"One of the things that is so very interesting to me about the practical impact of Ashcroft's enthusiastic enforcement of the federal death penalty in a uniform, one-size-fits-all fashion is the resistance that it's getting."
Mello said Ashcroft's wholesale pursuit of death sentences is creating tension between state and county prosecutors and their federal counterparts, especially in jurisdictions with no state death penalty. One striking example is the public criticism by a top state prosecutor in Massachusetts. Suffolk County District Attorney Daniel F. Conley faulted the quest by federal prosecutors to secure a death sentence against two gang members who allegedly killed a drug rival.
"I do not believe that the death penalty is a deterrent or appropriate punishment for an inner-city homicide," Conley said in August. "... Life without the possibility of parole is the proper punishment for this crime."
He said that pursuit of the death penalty could deter informants and others who cooperate with the police, and also could jeopardize future crime-fighting collaboration between local and federal prosecutors in murder cases.
"What's remarkable about the Suffolk County case is the way in which the frictions have become public," Mello observed. "Those frictions exist elsewhere. They usually remain below the public radar screen, but they're there."
Such tension was not present, however, between local and federal prosecutors in the Luke Jones case. Fairfield State's Attorney Jonathan Benedict, based in Bridgeport, said he was more than happy to have federal prosecutors pursue a death sentence in the course of their crackdown on drug trafficking and violent crime in the Bridgeport area.
"We take these things on a case-by-case basis, and the Jones family clearly turned the P.T. Barnum [housing] project into a war zone," Benedict said. "Our efforts to get at that were less than successful. We were just happy to get the federal people interested and give them a whack. As a result, I've got 11 murders in Bridgeport this year. Ten years ago we had 60-something. We were the murder capital of the world."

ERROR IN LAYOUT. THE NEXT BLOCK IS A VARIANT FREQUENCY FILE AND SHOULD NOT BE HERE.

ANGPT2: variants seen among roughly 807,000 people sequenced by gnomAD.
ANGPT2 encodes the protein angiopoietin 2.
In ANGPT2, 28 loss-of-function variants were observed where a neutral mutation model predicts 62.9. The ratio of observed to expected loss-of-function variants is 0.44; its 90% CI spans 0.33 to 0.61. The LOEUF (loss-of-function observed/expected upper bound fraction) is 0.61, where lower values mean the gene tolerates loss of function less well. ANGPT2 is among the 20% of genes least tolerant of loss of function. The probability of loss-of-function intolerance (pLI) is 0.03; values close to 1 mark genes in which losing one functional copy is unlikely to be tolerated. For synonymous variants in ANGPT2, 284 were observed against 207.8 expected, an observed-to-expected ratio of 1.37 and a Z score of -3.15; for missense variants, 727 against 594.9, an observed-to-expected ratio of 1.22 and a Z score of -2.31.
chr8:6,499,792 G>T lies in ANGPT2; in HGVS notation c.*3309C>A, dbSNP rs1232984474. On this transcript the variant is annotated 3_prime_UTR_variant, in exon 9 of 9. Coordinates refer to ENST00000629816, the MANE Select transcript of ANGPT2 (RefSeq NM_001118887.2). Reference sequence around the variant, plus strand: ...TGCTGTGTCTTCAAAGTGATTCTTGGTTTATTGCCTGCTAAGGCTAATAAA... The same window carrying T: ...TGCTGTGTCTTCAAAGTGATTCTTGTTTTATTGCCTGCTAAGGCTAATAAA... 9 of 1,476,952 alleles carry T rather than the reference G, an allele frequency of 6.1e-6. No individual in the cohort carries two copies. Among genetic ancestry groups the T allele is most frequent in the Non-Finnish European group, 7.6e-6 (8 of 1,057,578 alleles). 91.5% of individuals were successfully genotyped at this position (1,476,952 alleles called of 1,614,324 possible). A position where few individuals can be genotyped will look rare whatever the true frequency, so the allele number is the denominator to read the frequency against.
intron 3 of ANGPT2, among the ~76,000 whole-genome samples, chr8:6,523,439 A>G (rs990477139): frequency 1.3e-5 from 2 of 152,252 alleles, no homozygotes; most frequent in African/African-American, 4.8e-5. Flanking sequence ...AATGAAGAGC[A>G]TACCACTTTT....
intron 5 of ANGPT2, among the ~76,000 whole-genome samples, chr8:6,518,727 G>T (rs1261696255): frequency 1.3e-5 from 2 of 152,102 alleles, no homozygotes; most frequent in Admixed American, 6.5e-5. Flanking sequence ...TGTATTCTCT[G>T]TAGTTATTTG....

Michigan has no state death penalty, and to date is the only such state in which federal prosecutors have secured a death sentence. Marvin Gabrion was sentenced to death for the 1997 murder of a woman just days before she was scheduled to testify against him at his rape trial. The woman was murdered on federal property - the Manistee National Forest.
But Massachusetts could soon join the ranks of Michigan. Gary Lee Sampson stabbed to death two men who had offered him rides when he was hitchhiking and strangled a third during a weekend-long crime spree in the summer of 2001. His federal death penalty hearing is now underway in Boston. Despite allowing the case to proceed, U.S. District Judge Mark L. Wolf expressed concerns about the number of innocent people who have been sentenced to death. He also noted that juries in federal capital cases are routinely rejecting death sentences.
"The day may come when a court properly can, and should, declare the ultimate sanction to be unconstitutional in all cases," Wolf wrote.
McNally, of the Federal Death Penalty Resource Council, said juries have rejected death sentences for 22 out of 24 federal defendants in the past two years.
One case that epitomizes the jurisdictional tug-of-war played out over the last three years in Puerto Rico, where a federal judge refused to allow prosecutors to seek death sentences against two men accused of kidnapping, holding for ransom and killing a local grocery store owner. The island in 1929 abolished capital punishment and has a provision banning it in its constitution. .
In July 2000, Puerto Rico District Judge Salvatore Casellas ruled that federal death penalty laws could not be enforced in Puerto Rico because its citizens have no representation in Congress. "It shocks the conscience to impose the ultimate penalty, death, upon American citizens who are denied the right to participate directly or indirectly in the government that enacts and authorizes the use of such punishment," Casellas wrote.
Casellas was overruled on appeal, however, and the case was tried as a capital case. Jurors in July acquitted Joel Rivera Alejandro and Acosta Martinez on all charges, making it unnecessary to reach the issue of punishment.